My Cart

Posted by SASTA

on 27/05/2024

With the Aurora Australis visible in the last couple of weeks you have probably spent some time staring up at the stars. Maybe wondering about the next Moon mission, or what life on Mars could look like? Space is an ever-fascinating topic, and a subject that truly brings science as a human endeavour into focus. And with new space-inspired careers emerging every day, who knew you could become a Space Botanist, Space Lawyer, or even a Space Chef?

The Australian Research Council Centre of Excellence in Plants for Space is bringing together all aspects of growing plants in space, with the vision to enable human deep space exploration and improve on-Earth sustainability through plant and food redesign. Learning how to properly conduct space agriculture, with the intent of feeding astronauts for longer space travel, can teach us about how to increase sustainability in our current food production chains. Investigating what a balanced diet constitutes for an astronaut and how to best find the nutrients for it, shows us what a good diet could look like here on Earth – and what novel foods might be introduced to ensure we are getting our protein, vitamins and minerals!

Space agriculture is focused on understanding how plants can grow in the presence of high radiation and micro-gravity, but also learning how to grow crops in a highly controlled manner as Lunar and Martian surfaces are so hostile that it will only allow plants to develop indoors. Our future crop production could be supplemented with food growing in controlled environments as well, in vertical farms where aeroponics and hydroponics eliminate the use of soil and robots monitor the growth conditions of our lettuces, cabbage and herbs. The use of LED lights in vertical farms and indoor growth-rooms mimics day-night rhythms but can also contribute to the expression of different genes in plants. Further investigations into using this to use plants as little mini-bio-factories for compounds for pharmaceuticals and degradable bioplastics is ongoing.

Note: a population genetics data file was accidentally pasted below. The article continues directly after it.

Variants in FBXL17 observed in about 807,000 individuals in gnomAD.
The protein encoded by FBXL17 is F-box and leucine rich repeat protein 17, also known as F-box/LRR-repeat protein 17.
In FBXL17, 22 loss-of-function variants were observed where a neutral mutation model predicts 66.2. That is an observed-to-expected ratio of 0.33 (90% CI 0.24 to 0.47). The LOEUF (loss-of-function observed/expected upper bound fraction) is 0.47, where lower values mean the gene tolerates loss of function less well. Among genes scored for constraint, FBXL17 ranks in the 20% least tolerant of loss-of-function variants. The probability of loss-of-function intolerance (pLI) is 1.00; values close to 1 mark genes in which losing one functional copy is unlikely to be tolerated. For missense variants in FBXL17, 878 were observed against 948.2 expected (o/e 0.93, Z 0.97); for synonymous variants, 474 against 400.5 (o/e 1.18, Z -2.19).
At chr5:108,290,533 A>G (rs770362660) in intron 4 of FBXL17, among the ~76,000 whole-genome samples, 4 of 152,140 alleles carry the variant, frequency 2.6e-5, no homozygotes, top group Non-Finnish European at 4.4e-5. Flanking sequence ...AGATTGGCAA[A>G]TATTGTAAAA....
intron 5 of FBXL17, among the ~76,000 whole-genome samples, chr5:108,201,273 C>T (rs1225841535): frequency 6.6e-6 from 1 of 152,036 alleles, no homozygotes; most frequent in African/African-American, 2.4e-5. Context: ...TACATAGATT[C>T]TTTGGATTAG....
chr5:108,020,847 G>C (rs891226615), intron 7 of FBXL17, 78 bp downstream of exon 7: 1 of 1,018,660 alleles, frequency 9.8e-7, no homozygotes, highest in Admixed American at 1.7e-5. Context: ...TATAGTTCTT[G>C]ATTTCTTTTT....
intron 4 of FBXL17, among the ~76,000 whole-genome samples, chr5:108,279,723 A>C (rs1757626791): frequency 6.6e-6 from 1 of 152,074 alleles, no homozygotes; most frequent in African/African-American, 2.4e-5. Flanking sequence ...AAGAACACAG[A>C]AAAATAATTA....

Vertical Farm 1

Although plants are already being grown at the International Space Station, our first official Plants for Space crops will travel to the Moon in the so-called LEAF investigation, and includes seeds from red and green varieties of Brassica rapa (Wisconsin Fast Plants®), Wolffia (duckweed), and Arabidopsis thaliana. After a short stay on the Lunar surface, the seedlings will be brought back to Earth for further investigations to see how our plants did under the stress of excessive Lunar sunlight, radiation, and the vacuum of space.  

The Plants for Space team is a nationwide centre with international links to a wide range of educational, technology and industry partners, and we are working on several outreach and engagement programs for students and teacher professional development on topics such as evolution (within the biology curriculum), nutritional value and GM foods (within the nutrition curriculum) and many others as we are developing our platform.

In Australia our researchers are located at the University of Western Australia, Flinders University, The University of Adelaide, The University of Melbourne and La Trobe University, and funded through the Australian Research Council. For more information you can find us online, on LinkedIn, Instagram and Facebook, or contact us directly through    

Dr Lieke van der Hulst

Communications and engagement officer (SA Node) ARC Centre of Excellence in Plants for Space

P4S Gradient Long PosText RGB